Builders should prepare for a wave of retail and restaurant construction, as Orlando's housing and commercial construction boom draws in residents who are eager for these amenities.
"We are super hot," said Jill Rose, vice president of retail services at broker BishopBeale, who said she has never been busier in her 13 years representing retail.
"There is so much pent up demand in the retail market, and it is all coming at once," said Rose.
Rose was speaking at the Central Florida chapter of NAIOP conference at the Citrus Club Thursday in which different building industries were addressed.
Specialty grocery stores, like The Fresh Market, and casual restaurants for middle- and upper-middle income families are the most in demand, and these businesses are primed to come here or expand their presence, Rose said. "In the Orlando area you've got 1,000 fast casual restaurants looking for space."
While the retail and restaurant market is heating up, the industrial development market is maintaining existing momentum.
"We're seeing users across many different businesses wanting to expand," said Todd Watson, senior vice president at developer DCT Industrial.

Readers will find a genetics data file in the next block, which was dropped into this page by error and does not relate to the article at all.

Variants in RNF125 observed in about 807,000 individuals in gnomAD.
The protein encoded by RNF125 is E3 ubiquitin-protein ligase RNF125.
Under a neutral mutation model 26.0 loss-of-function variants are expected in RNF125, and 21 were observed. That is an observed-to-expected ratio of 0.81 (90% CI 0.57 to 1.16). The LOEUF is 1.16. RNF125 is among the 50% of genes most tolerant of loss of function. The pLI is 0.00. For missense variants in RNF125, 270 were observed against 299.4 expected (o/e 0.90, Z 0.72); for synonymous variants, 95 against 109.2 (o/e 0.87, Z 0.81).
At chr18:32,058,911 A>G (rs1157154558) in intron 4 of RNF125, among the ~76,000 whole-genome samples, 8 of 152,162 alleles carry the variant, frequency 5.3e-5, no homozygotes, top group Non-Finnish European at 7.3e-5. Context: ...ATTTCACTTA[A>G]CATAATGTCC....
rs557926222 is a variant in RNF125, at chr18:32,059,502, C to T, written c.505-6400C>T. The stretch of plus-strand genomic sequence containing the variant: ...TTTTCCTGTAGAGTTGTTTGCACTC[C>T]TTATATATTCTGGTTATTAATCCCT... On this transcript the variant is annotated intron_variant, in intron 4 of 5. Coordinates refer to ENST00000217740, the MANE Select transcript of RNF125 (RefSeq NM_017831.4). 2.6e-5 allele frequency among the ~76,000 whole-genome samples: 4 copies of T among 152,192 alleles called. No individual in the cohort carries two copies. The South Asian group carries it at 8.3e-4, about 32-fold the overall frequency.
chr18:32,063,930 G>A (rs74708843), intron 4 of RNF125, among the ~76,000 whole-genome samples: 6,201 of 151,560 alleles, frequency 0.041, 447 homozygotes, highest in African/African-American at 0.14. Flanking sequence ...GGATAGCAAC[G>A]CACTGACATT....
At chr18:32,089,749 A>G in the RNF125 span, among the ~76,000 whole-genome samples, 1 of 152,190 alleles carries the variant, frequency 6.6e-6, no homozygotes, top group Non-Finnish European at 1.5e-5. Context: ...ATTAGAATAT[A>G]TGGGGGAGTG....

The expansion drive continues an existing trend that last year saw 3.6 million square feet of industrial space leased in the Orlando area.
This year it is anticipated that 800,000 square feet of industrial space will be built, which is close to the industry comfort zone of 1.5 million to 2 million square feet, Watson said.
"But some caution needs to be applied" to avoid over supply, he added.
The one area that has missed the building boom is office space, given that essentially none has been built in the past year.
One thing holding construction back is that rents are very low, so there is little return for the landlord or property manager.
Damien Madson, principal at Taylor & Mathis, predicted continued slow going for about another year.
But, given market conditions a year out, the current average rent of $20.50 a square foot should increase by 20 percent "and that will cause building to start," Madson said.